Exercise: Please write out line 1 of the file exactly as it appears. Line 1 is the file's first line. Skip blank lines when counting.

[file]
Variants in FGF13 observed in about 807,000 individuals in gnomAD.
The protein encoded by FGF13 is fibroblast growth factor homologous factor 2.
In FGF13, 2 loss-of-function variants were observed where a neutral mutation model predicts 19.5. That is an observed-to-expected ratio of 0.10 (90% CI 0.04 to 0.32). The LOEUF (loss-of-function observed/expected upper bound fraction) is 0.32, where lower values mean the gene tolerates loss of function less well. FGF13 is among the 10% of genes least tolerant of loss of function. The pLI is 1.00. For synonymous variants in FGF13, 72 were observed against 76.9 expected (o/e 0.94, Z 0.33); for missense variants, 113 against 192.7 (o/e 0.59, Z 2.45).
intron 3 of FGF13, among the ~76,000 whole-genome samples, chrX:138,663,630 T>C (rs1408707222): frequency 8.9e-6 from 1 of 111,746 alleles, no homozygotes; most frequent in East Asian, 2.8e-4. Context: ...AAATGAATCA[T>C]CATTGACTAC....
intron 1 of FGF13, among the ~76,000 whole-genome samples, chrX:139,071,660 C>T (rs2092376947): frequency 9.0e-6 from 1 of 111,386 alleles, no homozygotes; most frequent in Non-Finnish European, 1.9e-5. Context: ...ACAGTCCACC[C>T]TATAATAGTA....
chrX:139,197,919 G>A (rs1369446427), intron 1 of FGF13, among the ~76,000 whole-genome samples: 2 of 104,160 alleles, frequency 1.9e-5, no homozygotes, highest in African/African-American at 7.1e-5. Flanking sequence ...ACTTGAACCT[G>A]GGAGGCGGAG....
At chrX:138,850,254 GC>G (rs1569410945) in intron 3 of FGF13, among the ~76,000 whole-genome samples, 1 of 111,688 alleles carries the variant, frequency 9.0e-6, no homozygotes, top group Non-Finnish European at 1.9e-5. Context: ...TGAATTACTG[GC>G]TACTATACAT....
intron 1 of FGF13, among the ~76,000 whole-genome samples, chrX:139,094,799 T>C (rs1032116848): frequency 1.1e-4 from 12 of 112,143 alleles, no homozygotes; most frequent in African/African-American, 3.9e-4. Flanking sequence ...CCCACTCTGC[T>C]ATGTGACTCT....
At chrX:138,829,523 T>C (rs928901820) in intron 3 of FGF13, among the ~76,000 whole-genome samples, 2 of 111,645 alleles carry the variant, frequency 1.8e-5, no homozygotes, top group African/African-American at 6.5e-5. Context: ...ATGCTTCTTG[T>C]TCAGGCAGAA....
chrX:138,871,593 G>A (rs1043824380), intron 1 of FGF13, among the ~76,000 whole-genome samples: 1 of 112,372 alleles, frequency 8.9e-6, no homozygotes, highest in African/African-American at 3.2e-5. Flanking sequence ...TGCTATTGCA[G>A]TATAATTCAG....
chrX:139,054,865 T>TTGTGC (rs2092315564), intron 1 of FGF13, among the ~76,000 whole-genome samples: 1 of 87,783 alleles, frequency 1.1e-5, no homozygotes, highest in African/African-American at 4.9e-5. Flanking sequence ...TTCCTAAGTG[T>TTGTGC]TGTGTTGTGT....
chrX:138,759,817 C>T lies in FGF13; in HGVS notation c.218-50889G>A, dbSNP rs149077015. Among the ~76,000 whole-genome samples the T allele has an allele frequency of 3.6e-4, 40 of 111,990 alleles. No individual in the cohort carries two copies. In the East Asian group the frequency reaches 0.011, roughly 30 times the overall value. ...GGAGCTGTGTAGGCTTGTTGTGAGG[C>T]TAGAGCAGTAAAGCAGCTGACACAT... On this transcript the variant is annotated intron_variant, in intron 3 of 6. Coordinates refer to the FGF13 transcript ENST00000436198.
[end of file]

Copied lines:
Variants in FGF13 observed in about 807,000 individuals in gnomAD.